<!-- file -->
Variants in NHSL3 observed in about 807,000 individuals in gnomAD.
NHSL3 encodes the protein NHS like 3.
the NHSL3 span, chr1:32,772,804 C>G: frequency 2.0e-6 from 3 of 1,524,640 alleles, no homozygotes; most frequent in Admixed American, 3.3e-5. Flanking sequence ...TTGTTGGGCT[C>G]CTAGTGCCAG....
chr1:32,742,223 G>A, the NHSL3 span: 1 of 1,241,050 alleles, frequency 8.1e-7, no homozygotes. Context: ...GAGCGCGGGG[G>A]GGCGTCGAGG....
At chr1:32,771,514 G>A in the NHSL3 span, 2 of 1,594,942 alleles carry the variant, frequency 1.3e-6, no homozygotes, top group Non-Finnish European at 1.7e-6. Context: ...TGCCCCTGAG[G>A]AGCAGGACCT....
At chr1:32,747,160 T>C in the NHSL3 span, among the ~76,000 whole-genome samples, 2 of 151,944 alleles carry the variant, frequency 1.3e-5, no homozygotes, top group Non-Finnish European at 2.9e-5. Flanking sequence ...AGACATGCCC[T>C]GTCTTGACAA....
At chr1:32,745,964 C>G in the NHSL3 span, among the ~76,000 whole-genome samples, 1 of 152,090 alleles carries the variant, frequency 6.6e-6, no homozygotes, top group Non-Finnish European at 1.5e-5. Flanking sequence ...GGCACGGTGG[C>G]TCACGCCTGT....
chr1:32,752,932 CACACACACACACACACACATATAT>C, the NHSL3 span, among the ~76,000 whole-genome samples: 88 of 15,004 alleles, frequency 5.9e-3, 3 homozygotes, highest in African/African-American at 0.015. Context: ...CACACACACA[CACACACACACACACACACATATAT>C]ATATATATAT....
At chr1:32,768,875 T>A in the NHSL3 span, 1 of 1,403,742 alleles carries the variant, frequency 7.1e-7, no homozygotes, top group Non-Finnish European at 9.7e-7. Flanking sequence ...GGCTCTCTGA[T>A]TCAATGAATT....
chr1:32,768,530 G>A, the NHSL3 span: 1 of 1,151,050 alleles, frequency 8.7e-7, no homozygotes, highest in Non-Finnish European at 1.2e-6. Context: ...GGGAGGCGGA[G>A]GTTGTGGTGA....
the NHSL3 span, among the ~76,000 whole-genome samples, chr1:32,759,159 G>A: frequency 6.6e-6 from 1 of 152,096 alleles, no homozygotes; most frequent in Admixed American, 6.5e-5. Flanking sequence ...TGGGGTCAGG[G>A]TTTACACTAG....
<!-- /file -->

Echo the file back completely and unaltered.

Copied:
Variants in NHSL3 observed in about 807,000 individuals in gnomAD.
NHSL3 encodes the protein NHS like 3.
the NHSL3 span, chr1:32,772,804 C>G: frequency 2.0e-6 from 3 of 1,524,640 alleles, no homozygotes; most frequent in Admixed American, 3.3e-5. Flanking sequence ...TTGTTGGGCT[C>G]CTAGTGCCAG....
chr1:32,742,223 G>A, the NHSL3 span: 1 of 1,241,050 alleles, frequency 8.1e-7, no homozygotes. Context: ...GAGCGCGGGG[G>A]GGCGTCGAGG....
At chr1:32,771,514 G>A in the NHSL3 span, 2 of 1,594,942 alleles carry the variant, frequency 1.3e-6, no homozygotes, top group Non-Finnish European at 1.7e-6. Context: ...TGCCCCTGAG[G>A]AGCAGGACCT....
At chr1:32,747,160 T>C in the NHSL3 span, among the ~76,000 whole-genome samples, 2 of 151,944 alleles carry the variant, frequency 1.3e-5, no homozygotes, top group Non-Finnish European at 2.9e-5. Flanking sequence ...AGACATGCCC[T>C]GTCTTGACAA....
At chr1:32,745,964 C>G in the NHSL3 span, among the ~76,000 whole-genome samples, 1 of 152,090 alleles carries the variant, frequency 6.6e-6, no homozygotes, top group Non-Finnish European at 1.5e-5. Flanking sequence ...GGCACGGTGG[C>G]TCACGCCTGT....
chr1:32,752,932 CACACACACACACACACACATATAT>C, the NHSL3 span, among the ~76,000 whole-genome samples: 88 of 15,004 alleles, frequency 5.9e-3, 3 homozygotes, highest in African/African-American at 0.015. Context: ...CACACACACA[CACACACACACACACACACATATAT>C]ATATATATAT....
At chr1:32,768,875 T>A in the NHSL3 span, 1 of 1,403,742 alleles carries the variant, frequency 7.1e-7, no homozygotes, top group Non-Finnish European at 9.7e-7. Flanking sequence ...GGCTCTCTGA[T>A]TCAATGAATT....
chr1:32,768,530 G>A, the NHSL3 span: 1 of 1,151,050 alleles, frequency 8.7e-7, no homozygotes, highest in Non-Finnish European at 1.2e-6. Context: ...GGGAGGCGGA[G>A]GTTGTGGTGA....
the NHSL3 span, among the ~76,000 whole-genome samples, chr1:32,759,159 G>A: frequency 6.6e-6 from 1 of 152,096 alleles, no homozygotes; most frequent in Admixed American, 6.5e-5. Flanking sequence ...TGGGGTCAGG[G>A]TTTACACTAG....